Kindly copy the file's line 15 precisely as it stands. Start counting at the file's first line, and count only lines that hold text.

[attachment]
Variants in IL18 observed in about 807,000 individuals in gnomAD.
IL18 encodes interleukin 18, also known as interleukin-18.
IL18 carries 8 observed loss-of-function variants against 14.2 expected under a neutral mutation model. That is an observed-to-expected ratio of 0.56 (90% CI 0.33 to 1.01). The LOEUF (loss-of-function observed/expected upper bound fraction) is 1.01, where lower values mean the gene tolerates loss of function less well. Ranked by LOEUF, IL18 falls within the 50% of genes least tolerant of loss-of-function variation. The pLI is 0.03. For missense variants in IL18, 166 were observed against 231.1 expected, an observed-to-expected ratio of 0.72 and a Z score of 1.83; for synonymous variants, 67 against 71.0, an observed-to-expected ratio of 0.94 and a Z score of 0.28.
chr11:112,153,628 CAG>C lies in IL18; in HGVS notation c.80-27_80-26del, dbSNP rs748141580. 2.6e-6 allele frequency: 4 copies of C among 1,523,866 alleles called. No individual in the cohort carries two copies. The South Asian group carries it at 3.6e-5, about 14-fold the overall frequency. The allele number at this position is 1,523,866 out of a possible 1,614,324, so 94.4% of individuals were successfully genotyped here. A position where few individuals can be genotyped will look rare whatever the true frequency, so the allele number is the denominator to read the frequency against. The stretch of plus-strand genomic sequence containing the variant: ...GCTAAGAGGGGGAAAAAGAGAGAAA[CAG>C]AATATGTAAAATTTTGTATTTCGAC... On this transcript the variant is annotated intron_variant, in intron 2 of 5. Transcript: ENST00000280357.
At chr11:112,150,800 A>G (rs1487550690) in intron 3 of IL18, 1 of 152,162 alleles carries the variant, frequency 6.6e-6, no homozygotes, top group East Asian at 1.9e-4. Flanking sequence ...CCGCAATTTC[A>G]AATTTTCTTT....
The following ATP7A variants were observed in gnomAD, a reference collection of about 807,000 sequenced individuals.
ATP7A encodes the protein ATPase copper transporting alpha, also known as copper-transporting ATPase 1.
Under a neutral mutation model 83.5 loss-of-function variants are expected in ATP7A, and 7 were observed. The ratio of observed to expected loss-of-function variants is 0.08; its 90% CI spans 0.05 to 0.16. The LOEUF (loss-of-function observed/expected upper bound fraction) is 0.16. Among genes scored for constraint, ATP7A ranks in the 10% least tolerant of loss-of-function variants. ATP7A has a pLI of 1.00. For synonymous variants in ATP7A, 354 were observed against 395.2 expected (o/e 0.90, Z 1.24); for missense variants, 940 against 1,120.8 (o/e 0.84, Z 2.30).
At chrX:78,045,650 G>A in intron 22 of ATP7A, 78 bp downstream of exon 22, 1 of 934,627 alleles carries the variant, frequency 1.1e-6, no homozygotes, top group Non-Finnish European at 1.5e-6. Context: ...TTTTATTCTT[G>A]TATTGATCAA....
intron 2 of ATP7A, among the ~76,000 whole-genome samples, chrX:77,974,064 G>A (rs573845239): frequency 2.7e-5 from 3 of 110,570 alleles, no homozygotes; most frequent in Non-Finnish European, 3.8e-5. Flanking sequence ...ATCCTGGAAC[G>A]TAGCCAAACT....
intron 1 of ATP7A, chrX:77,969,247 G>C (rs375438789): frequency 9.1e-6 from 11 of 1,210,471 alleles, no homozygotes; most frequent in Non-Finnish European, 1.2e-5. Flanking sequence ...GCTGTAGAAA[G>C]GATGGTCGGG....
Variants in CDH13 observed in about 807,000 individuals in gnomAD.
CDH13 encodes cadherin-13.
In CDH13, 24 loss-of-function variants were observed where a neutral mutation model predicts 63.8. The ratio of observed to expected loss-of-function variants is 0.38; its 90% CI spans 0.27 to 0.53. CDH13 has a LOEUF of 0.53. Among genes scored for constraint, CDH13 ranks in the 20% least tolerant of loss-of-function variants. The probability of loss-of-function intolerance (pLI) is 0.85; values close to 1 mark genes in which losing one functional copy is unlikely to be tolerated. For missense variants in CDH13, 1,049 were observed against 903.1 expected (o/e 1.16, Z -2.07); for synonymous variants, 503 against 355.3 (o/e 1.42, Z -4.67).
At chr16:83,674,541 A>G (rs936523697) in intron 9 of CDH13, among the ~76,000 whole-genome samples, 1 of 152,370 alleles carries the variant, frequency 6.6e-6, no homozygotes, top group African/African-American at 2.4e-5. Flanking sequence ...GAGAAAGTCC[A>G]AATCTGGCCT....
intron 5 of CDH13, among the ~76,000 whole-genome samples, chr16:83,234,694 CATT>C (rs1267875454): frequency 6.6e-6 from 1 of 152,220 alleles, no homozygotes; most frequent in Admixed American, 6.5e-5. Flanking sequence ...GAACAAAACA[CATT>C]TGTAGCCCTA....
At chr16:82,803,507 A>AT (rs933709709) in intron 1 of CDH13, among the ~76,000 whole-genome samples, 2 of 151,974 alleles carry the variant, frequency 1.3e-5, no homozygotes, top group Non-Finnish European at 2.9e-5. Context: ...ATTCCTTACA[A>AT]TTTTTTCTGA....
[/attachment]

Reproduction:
At chr16:83,674,541 A>G (rs936523697) in intron 9 of CDH13, among the ~76,000 whole-genome samples, 1 of 152,370 alleles carries the variant, frequency 6.6e-6, no homozygotes, top group African/African-American at 2.4e-5. Flanking sequence ...GAGAAAGTCC[A>G]AATCTGGCCT....